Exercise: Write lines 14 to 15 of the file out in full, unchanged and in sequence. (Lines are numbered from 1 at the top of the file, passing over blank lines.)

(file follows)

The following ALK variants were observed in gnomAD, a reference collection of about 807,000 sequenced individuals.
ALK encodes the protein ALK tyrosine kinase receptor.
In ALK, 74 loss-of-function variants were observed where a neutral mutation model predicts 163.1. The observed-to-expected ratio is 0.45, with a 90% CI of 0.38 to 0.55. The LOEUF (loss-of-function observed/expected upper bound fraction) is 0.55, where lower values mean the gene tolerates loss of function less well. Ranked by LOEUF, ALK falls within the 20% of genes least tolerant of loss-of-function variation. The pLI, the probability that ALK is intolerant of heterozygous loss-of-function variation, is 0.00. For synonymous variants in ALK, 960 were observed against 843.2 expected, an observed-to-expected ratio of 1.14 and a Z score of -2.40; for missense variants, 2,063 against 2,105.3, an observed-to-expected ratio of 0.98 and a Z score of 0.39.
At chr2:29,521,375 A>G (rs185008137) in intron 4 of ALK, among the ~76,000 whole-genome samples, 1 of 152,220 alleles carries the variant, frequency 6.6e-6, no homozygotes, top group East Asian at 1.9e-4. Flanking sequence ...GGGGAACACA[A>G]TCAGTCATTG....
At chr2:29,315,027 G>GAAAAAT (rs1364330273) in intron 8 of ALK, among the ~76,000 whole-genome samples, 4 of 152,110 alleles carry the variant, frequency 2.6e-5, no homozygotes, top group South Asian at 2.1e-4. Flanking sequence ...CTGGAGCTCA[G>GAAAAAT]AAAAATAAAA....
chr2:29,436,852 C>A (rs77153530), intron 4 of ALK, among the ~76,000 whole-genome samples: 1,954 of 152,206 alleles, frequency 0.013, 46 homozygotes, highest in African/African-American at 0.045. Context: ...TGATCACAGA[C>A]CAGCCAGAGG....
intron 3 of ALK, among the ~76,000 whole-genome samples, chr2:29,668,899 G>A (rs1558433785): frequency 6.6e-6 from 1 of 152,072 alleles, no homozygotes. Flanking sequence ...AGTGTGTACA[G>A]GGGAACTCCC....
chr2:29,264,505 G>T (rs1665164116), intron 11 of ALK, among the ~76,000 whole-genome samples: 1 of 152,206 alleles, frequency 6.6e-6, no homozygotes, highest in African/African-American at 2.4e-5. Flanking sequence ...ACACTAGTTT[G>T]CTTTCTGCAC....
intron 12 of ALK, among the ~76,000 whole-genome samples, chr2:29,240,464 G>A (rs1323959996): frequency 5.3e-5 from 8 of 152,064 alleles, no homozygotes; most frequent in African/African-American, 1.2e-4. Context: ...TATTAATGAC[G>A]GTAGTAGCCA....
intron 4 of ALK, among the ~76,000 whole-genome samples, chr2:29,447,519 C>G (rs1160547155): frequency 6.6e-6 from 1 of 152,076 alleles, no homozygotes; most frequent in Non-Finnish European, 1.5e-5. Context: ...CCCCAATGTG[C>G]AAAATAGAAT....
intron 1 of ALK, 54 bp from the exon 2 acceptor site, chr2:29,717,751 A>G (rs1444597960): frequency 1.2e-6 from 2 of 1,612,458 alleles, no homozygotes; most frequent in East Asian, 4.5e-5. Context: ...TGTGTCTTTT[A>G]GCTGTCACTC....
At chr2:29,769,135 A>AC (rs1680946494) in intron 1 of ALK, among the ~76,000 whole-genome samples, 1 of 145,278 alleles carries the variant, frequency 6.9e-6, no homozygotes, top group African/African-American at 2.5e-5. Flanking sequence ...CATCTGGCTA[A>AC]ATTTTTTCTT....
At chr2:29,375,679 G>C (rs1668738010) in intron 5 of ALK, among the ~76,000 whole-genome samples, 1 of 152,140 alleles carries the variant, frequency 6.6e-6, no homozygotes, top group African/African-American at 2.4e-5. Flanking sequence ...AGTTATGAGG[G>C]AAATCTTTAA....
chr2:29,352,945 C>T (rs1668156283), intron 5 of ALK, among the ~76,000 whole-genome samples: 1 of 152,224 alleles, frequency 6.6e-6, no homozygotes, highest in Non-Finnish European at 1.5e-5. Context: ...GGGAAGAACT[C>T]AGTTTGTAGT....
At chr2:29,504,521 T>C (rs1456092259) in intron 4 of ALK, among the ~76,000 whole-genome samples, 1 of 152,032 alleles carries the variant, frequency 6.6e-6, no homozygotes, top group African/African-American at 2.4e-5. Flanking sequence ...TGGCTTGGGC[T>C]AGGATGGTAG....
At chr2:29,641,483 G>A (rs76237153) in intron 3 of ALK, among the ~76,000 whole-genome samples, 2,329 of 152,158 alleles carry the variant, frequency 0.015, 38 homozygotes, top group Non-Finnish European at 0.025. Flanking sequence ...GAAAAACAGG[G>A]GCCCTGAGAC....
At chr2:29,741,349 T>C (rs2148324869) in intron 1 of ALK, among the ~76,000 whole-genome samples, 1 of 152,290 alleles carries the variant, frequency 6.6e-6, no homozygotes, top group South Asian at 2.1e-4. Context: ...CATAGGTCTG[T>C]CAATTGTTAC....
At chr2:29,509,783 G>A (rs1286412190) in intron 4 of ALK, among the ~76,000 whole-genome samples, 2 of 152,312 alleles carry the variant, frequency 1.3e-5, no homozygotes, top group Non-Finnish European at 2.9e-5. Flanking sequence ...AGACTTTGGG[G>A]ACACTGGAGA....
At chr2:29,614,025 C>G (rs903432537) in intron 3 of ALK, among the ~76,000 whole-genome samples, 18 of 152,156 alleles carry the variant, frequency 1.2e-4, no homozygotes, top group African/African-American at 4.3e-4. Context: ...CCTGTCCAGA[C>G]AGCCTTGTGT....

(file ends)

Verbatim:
chr2:29,352,945 C>T (rs1668156283), intron 5 of ALK, among the ~76,000 whole-genome samples: 1 of 152,224 alleles, frequency 6.6e-6, no homozygotes, highest in Non-Finnish European at 1.5e-5. Context: ...GGGAAGAACT[C>T]AGTTTGTAGT....
At chr2:29,504,521 T>C (rs1456092259) in intron 4 of ALK, among the ~76,000 whole-genome samples, 1 of 152,032 alleles carries the variant, frequency 6.6e-6, no homozygotes, top group African/African-American at 2.4e-5. Flanking sequence ...TGGCTTGGGC[T>C]AGGATGGTAG....